Cordellya Smith : Hearts and Kitchens : January 2020

My Southern Legitimacy Statement follows: I was born and raised in the mountains of Southeastern Kentucky. I am a product of the soup bean lovin’, Bible thumpin’, hardworking people who labor in tobacco fields praying for a good breeze to cool the sweat of their brows or in deep coalmines under the ground hoping the tunnels don’t collapse. When I was a child, the mountains felt like a cage that was so tight I could barely breathe. I felt I would never escape them. As I changed, the mountains changed, becoming a comfortable, feather-lined nest I loathed to leave. I now live in Georgia, but am confident the Appalachian mountain women in my family prepared me for Southern life in a way nothing else could have.

Hearts and Kitchens

In Henry Louis Gates, Jr.’s story, “In the Kitchen,” he depicts a family that is nurturing.  He speaks of his mother’s kitchen and the gathering of family and friends therein to iron and oil hair.  Gate’s story reminds me fondly of Sundays at my Mamaw’s house when I was a child.  It seems most of my fond childhood memories were in her kitchen.  My family spent a great deal of time in the kitchen, eating and laughing and creating the memories that make Mamaw’s house one of the sweetest places on earth.  I remember the shelves covered with dust and canned goods, the refrigerator that acted as an art gallery, and the oven always ripe with the promise of something wonderfully sweet.  I also remember playing at the feet of the “grown-ups” and hearing all the family and neighborhood gossip.  

“Arlene’s pregnant again…” 

“Do you think she’ll get married this time?”  

“Nate’s Aunt Betty is visiting, and she looks so much older than she did last summer.”  

“I heard she was sick…” 

Gates learned the ways of the world from hair gels.  I learned the ways of the world from the conversations that took place while the matriarchal figures in my family cooked Sunday dinner.  It seems ironic to me now that I learned so much from a group of women sitting at home gossiping about other people on Sunday. I learned to notice people’s actions and treat them accordingly, to have a deep fear of cancer and strangers, and I learned to love banana pudding and hate butterscotch pie.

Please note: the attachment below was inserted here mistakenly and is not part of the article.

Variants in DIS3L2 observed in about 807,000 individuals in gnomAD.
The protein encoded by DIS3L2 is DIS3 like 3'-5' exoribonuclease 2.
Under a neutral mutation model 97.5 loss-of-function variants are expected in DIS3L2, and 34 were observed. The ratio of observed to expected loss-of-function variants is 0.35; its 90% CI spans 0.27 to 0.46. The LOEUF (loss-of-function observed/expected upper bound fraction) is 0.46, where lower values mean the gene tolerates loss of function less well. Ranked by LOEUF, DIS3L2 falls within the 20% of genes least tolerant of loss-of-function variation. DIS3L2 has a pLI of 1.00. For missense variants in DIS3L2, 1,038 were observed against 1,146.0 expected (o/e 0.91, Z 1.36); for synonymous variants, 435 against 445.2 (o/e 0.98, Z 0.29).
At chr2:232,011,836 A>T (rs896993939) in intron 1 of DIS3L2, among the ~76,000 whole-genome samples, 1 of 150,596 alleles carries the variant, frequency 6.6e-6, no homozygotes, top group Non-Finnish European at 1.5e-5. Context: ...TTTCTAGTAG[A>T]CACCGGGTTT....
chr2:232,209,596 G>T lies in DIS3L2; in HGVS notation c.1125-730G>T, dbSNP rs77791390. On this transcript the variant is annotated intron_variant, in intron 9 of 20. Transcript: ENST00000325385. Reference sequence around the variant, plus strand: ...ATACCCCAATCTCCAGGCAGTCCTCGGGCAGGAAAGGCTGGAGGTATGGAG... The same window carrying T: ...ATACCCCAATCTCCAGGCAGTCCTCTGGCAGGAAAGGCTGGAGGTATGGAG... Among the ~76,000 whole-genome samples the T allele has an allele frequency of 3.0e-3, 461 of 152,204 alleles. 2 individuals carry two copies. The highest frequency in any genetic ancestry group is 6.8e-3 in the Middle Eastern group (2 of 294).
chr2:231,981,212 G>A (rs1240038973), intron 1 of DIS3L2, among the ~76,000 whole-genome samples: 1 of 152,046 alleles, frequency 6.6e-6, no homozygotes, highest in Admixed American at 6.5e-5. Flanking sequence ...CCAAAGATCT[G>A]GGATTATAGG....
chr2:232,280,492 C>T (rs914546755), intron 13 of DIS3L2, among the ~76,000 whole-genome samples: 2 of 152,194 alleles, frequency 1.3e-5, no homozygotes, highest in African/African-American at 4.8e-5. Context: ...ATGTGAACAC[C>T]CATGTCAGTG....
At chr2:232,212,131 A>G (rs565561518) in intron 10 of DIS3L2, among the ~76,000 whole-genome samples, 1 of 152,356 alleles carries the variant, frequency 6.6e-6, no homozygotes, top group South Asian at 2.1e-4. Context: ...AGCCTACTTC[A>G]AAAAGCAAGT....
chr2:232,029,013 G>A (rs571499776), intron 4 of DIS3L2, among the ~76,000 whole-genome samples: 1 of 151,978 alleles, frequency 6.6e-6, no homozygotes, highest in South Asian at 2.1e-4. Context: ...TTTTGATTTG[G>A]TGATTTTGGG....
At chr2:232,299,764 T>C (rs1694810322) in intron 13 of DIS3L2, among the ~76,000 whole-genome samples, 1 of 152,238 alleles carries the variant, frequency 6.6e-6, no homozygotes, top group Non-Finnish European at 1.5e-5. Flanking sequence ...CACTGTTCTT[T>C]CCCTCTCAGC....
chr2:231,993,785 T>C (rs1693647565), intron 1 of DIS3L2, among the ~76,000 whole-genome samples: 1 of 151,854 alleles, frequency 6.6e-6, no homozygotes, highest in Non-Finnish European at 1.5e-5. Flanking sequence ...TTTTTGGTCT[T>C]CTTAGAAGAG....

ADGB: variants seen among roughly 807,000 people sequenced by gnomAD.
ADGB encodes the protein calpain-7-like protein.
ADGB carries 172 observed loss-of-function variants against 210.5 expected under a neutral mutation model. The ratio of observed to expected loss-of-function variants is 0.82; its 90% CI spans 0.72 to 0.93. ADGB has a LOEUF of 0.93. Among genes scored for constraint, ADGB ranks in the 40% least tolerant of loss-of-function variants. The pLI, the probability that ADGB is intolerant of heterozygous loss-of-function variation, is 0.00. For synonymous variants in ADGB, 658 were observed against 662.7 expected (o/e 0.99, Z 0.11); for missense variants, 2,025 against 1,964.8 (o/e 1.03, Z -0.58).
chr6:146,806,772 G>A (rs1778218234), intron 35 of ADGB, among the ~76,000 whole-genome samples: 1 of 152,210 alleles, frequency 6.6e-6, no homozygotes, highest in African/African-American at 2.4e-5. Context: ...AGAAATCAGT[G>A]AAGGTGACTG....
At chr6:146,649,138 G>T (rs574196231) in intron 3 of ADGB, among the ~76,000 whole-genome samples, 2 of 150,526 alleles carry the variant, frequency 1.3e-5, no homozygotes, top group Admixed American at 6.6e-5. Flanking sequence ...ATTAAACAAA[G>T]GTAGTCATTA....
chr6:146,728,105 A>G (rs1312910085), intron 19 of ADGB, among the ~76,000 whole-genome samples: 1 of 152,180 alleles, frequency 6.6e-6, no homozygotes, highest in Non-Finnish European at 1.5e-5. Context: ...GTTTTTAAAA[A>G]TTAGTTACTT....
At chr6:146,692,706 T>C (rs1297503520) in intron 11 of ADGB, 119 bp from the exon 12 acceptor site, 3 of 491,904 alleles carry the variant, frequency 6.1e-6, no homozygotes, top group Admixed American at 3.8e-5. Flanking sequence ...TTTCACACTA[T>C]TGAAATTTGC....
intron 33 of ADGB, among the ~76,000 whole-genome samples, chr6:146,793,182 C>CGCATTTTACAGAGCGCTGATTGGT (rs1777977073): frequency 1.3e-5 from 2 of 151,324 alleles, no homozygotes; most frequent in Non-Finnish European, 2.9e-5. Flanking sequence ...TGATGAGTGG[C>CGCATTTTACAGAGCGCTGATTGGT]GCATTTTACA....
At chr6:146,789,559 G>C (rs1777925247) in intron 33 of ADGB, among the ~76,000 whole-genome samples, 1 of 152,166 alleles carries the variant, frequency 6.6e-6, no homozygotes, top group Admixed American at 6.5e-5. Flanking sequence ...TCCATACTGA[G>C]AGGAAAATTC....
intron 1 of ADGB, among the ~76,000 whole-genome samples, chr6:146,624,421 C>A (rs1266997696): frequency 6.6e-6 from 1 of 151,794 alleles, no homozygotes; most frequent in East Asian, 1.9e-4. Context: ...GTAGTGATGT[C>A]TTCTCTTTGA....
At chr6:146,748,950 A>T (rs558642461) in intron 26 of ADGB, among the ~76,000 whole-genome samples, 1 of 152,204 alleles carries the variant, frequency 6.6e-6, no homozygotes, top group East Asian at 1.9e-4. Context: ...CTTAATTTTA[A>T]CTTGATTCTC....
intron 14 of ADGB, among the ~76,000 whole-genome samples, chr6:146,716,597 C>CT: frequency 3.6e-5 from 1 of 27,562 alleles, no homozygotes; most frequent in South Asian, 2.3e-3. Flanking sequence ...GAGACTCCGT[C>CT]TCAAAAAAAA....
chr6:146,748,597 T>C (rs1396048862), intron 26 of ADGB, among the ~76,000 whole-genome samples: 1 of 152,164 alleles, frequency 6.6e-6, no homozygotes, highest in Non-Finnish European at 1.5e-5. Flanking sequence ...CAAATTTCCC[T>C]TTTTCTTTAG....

Those dinners also taught me something else that I did not want to learn.  They taught me that if it wasn’t Sunday or a holiday, I didn’t want to go to Mamaw’s house.  I didn’t want to go because it meant there was sickness or death in the family.  Most often as a child, by the time I knew something was wrong, there was indeed a death in the family.  That meant a wake and food and weeping.  It meant my cousins and I had to go in the back room and play and not bother the grown-ups.

One particular occasion that I recall was the death of my Aunt Pam.  She was different from the others in my family.  Pam was always happy and optimistic.  Unlike the other women in my family, she didn’t gossip about other people at all.  She loved God, children, animals, flowers and cooking.  Her cornbread had the best crunchy crust on it that you can possibly imagine.  If you slathered it up with butter, a slice of that cornbread was better than cake.    

When Pam died, I was spending the night with a friend.  Momma picked me up and we went to Mamaw’s house.  The whole house was full of mourners, purple gladiolas, and food people dropped off either to keep the grown-ups from having to worry with one of the daily tasks or as a medium to deal with the loss. The preparations were made; but, this time, I didn’t have to go in the back bedroom and play.  Pam wanted her funeral was to be a celebration of her life and asked everyone to rejoice.  

We all ate and talked about her life and how much we loved her.  We all wore bright colors to try to fulfill her last request; although, sorrow oozed out of every pore and vein.  It was that day, sitting in Mamaw’s kitchen listening to the unusual silence, when I learned funerals are for the living.  It was also that day that I began to pay more attention to the implications of what was said and done in that kitchen and how people treat those they love and those in need.

I now prepare breakfast in my own kitchen in the mornings for my children.  They love biscuits and sausage gravy and find it amazing that we either listen to the radio or turn on the television in the adjoining room when I’m cooking.  I do that because I cannot be in a kitchen without voices.  I can’t remember how to make gravy without chatter in my ears.  I suspect Gates can’t remember much without a hair iron and a tub of grease in his kitchen.  The kitchen remains the place where most of the living occurs in our home.  It is the place the family migrates for holidays and tragedies, like the one point where a circle begins and ends.